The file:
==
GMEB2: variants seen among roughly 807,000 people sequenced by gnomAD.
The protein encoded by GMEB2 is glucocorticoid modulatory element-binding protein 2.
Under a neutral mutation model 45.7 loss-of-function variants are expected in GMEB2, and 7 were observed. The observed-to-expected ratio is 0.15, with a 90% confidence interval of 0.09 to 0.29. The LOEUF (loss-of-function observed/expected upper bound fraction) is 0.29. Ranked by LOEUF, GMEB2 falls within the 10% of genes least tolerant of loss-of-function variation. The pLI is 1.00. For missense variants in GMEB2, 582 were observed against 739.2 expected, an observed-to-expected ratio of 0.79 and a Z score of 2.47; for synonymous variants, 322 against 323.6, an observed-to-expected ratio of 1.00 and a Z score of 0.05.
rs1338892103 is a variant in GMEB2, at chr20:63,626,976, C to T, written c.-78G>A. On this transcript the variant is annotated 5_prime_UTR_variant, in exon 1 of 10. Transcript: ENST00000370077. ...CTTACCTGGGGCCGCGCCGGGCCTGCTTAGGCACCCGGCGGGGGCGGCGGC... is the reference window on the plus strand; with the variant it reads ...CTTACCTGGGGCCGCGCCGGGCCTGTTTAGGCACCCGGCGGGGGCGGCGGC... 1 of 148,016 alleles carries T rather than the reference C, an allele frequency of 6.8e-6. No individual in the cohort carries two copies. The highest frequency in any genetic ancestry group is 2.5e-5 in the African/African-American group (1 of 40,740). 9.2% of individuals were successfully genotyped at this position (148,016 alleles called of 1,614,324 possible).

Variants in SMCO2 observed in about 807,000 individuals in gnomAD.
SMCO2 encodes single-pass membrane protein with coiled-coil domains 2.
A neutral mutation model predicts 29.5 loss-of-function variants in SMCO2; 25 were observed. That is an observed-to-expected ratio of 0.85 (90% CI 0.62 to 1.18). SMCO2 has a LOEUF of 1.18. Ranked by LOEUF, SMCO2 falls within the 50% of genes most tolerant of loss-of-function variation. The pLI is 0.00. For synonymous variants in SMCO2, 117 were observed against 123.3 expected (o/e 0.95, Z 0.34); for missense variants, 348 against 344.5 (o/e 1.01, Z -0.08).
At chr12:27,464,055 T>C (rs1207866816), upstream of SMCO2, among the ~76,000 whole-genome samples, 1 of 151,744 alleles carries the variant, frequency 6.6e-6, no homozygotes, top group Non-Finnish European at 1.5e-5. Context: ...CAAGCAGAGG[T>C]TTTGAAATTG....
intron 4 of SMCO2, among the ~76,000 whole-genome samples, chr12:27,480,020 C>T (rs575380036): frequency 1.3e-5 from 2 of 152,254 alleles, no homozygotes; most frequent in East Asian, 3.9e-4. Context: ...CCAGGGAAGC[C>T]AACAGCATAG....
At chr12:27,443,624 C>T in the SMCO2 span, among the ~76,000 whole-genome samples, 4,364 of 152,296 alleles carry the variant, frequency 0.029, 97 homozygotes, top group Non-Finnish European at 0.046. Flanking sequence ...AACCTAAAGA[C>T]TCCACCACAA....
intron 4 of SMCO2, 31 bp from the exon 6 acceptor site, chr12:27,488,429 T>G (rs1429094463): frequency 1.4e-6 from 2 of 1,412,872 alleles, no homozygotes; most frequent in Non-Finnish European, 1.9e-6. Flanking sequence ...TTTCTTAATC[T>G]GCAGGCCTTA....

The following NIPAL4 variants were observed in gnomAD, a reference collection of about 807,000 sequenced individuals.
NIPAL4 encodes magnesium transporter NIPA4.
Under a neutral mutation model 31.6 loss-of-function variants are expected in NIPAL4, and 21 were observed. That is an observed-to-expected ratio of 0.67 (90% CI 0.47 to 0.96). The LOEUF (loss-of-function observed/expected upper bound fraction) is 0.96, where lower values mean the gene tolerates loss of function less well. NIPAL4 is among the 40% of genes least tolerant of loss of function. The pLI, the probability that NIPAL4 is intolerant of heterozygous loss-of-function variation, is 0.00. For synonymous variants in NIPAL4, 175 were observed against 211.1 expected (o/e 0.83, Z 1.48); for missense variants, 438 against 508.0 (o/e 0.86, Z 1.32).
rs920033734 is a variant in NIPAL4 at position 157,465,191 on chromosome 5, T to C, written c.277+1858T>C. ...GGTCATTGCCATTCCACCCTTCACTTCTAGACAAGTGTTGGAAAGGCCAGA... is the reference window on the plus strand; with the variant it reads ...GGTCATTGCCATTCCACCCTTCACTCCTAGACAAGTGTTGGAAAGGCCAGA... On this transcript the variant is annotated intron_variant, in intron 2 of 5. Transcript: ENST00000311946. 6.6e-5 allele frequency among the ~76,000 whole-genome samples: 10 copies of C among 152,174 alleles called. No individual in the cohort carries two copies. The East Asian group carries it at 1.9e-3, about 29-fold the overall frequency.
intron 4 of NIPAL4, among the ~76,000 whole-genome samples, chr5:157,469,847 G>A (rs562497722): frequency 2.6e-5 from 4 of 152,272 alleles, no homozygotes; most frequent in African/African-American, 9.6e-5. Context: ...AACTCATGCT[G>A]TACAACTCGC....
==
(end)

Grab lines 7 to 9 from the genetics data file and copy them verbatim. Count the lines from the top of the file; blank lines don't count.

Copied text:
A neutral mutation model predicts 29.5 loss-of-function variants in SMCO2; 25 were observed. That is an observed-to-expected ratio of 0.85 (90% CI 0.62 to 1.18). SMCO2 has a LOEUF of 1.18. Ranked by LOEUF, SMCO2 falls within the 50% of genes most tolerant of loss-of-function variation. The pLI is 0.00. For synonymous variants in SMCO2, 117 were observed against 123.3 expected (o/e 0.95, Z 0.34); for missense variants, 348 against 344.5 (o/e 1.01, Z -0.08).
At chr12:27,464,055 T>C (rs1207866816), upstream of SMCO2, among the ~76,000 whole-genome samples, 1 of 151,744 alleles carries the variant, frequency 6.6e-6, no homozygotes, top group Non-Finnish European at 1.5e-5. Context: ...CAAGCAGAGG[T>C]TTTGAAATTG....
intron 4 of SMCO2, among the ~76,000 whole-genome samples, chr12:27,480,020 C>T (rs575380036): frequency 1.3e-5 from 2 of 152,254 alleles, no homozygotes; most frequent in East Asian, 3.9e-4. Context: ...CCAGGGAAGC[C>T]AACAGCATAG....